Orphan Survival Stories Index |
As we kids left the dining room at the orphanage, my friend David "Freddie" Hutchins came running up to me.
"Roger, I got something I want to show you!"
"What is it?" I asked him.
"Cant' show you until tonight. However, you have to cross your heart that you will never tell anyone. NEVER, ok?"
I waited all the way until bedtime but David never came to see me.
"Roger, wake up." David was shaking me awake.
"What are you doing, David?"
"Come with me. I want to show you something important," he told me.
On my tiptoes, I followed David down the hallway. Down the back stairs we went until we reached the door next to the telephone room. Very carefully he unlocked the door, and outside we went.
We made our way over to a fifteen-foot tree that we boys always called, "The Christmas Tree." David got down on his knees and began to dig. Within a minute or two he retrieved a small tin box that he had buried. He sat down on the ground and pried off the lid. Then he took out the contents of the box.
"Gosh! That's only for girls," I told him.
"I know. But it's something for us to do."
What David said was true. We had no toys and there was nothing for us kids to do, except work all the time. Every day was spent raking the large grounds of the orphanage. That, together with cleaning toilets, and washing pots and pans was all we had to do.
Almost every night David and I would sneak out of the building and dig up the small tin box. We would play with the contents for about an hour. Each time David would remind me we could never tell anyone about what we were doing.
David and I were about thirteen or fourteen when the orphanage sent us off to the Florida School for Boys Reform School, at Marianna.
When we arrived at the school, we were sent to the main office where we sat for almost an hour. David and I were both scared and said not a word to anyone.
"OK, you two follow me over to Mr. Curry's Office," said a large man who only had one arm.
"Who's Mr. Curry?" David asked the man.
"Curry is the school psychologist. He will make the decision on where you boys will be assigned."
We entered a small building, and were instructed to stand with our noses in the corner. About ten minutes later we were taken into Mr. Curry's office.
Sitting at a large wooden desk was a balding, heavy-set man in his fifties. He was one mean looking man. He had big bushy eyebrows and eyes that stuck out from their sockets. David and I just sat there staring at him.
You aren’t ‘sissy boys,’ are you?" asked Mr. Curry.
We sat there looking at one another, wondering what the heck he was talking about. Neither one of us said anything.
"Sissy-boys! Sissy-boys!" he repeated in a gruff voice.
Still, we just sat there staring at him.
He swung around in his big wooden chair and then he sat forward. He picked up a pencil off his desk and pointed it directly at us. "Have either one of you two ever worn girl’s clothing, like panties, bra, anything like that?" he asked, as he raised his eyebrows again.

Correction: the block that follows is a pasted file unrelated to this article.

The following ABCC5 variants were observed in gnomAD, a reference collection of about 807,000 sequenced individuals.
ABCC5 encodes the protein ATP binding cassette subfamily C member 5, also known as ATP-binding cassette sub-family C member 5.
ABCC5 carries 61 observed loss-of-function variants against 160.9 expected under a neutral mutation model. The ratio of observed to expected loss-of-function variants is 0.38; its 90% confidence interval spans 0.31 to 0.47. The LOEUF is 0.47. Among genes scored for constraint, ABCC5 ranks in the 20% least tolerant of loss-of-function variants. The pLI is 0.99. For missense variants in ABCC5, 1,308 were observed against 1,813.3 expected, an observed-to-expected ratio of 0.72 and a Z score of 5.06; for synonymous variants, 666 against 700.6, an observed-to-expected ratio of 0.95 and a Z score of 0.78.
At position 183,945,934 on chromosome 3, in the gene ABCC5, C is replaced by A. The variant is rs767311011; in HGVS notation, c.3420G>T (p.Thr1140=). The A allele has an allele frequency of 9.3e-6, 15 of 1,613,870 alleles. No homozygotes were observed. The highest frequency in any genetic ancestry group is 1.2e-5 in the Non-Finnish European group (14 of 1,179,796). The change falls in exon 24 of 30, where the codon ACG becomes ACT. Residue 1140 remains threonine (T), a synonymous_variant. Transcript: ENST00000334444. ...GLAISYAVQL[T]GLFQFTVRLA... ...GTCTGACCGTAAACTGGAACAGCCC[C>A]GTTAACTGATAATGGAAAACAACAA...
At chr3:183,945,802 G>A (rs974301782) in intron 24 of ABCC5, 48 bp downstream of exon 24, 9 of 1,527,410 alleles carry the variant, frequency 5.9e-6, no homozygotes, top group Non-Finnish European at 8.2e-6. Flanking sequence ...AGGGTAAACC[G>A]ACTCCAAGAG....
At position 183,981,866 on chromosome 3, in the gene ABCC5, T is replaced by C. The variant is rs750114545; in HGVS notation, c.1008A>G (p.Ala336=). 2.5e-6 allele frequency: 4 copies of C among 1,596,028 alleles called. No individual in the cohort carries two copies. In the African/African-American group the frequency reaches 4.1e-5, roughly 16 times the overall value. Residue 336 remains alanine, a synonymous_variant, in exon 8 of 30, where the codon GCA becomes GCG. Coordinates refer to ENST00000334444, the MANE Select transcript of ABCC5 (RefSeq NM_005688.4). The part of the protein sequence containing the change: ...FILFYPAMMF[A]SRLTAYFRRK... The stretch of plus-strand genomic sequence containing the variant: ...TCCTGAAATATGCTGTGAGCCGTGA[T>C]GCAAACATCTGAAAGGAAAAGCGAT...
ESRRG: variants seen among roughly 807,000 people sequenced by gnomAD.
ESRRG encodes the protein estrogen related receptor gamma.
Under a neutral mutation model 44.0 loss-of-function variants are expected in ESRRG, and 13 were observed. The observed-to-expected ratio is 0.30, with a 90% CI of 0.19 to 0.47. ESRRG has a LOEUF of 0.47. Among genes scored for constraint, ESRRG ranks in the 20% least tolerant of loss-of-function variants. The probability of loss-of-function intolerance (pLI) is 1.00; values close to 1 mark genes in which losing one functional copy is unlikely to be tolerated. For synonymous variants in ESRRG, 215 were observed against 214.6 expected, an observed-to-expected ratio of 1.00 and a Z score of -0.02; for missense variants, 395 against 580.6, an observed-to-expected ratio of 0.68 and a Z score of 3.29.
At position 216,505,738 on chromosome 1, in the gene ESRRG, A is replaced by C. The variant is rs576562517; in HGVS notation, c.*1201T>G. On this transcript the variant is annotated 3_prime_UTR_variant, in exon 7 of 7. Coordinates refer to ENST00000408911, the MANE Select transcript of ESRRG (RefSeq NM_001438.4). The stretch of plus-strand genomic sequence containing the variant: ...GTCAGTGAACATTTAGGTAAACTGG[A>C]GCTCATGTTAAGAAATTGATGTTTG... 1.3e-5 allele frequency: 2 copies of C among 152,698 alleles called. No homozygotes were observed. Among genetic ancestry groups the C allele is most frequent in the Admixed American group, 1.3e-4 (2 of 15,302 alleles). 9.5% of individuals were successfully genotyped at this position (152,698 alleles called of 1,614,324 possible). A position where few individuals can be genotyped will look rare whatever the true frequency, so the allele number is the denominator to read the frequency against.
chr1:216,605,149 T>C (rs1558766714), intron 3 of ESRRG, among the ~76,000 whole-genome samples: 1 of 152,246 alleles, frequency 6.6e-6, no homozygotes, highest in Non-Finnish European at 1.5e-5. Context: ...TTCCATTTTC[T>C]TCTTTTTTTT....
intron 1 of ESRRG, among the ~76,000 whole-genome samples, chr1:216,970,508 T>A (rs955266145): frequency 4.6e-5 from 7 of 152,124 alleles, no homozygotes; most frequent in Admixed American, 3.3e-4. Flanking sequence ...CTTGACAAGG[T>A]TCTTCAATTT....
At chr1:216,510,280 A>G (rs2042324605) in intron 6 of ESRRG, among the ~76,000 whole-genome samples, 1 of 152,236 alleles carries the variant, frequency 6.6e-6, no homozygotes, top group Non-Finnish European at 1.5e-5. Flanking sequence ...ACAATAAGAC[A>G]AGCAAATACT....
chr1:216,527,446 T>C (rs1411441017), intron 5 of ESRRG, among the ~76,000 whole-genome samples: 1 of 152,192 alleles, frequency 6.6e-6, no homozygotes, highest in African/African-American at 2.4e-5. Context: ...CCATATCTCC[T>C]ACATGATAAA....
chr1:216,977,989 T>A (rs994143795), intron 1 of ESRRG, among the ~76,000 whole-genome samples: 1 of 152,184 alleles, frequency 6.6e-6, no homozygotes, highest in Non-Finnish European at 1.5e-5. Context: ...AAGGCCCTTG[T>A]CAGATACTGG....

"I rode a girl's bicycle one time," I told him.
"I won't count that," he responded.
All at once, Mr. Curry got up from his desk and he walked out into the outer office. I looked over at David and said, "What about that tin box?"
"You keep your mouth shut about that box," he said, as he shook his balled up fist at me.
"But that would be telling a lie," I told him.
"You promised. Remember?" He was still shaking his fist at me.
Within an hour our interview was complete. David was assigned to cottage one, Washington Cottage, and I was assigned to cottage twelve. Cottage twelve was for children who were in need of further psychological evaluation.
Ten months later David was released and returned to Jacksonville, Florida. Several months later, I was released.
It was almost forty years before he and I saw one another again. David had gone on to become a police officer, and later a private investigator. As for me, I had made my way to jail and then on to prison. After we finally met again, it was less than a year before David developed cancer. The day before he died, I was standing beside his bed at the hospital.
"Roger, I know that I am not going to make it much longer," he said to me.
I reached down and took his hand. I did not say a word.
"Do you remember that tin box at the orphanage?" he asked.
"I remember Mr. Curry at the reform school," I told him.
David smiled. "I wonder if that tin box was ever found," he said.
"Don't know. But it sure was nice to have something to do once in a while."
The next day David died.
Several days after his funeral I drove to Jacksonville, and once again entered the orphanage grounds. I parked in front of our old dormitory building. I looked around and did not see “The Christmas Tree,” which had once stood at the end of the cement walkway. I walked over to where it had once been, and found the ground was flat and hard. It was hard to tell for sure where it had been. Yes, I will forever remember David and I sneaking out almost every night for nearly two years. We would dig down into the ground about six or eight inches, and retrieve the small tin box. Once the lid had been forced off we would take out the long slender rope, with its two red handles, and we would take turns jumping rope.
As I look back at how our lives turned out, it was probably best that we did not say anything to Mr. Curry about jumping rope together. After all, I cannot think of anything more ridiculous that an ex-cop and an ex-con jumping rope together.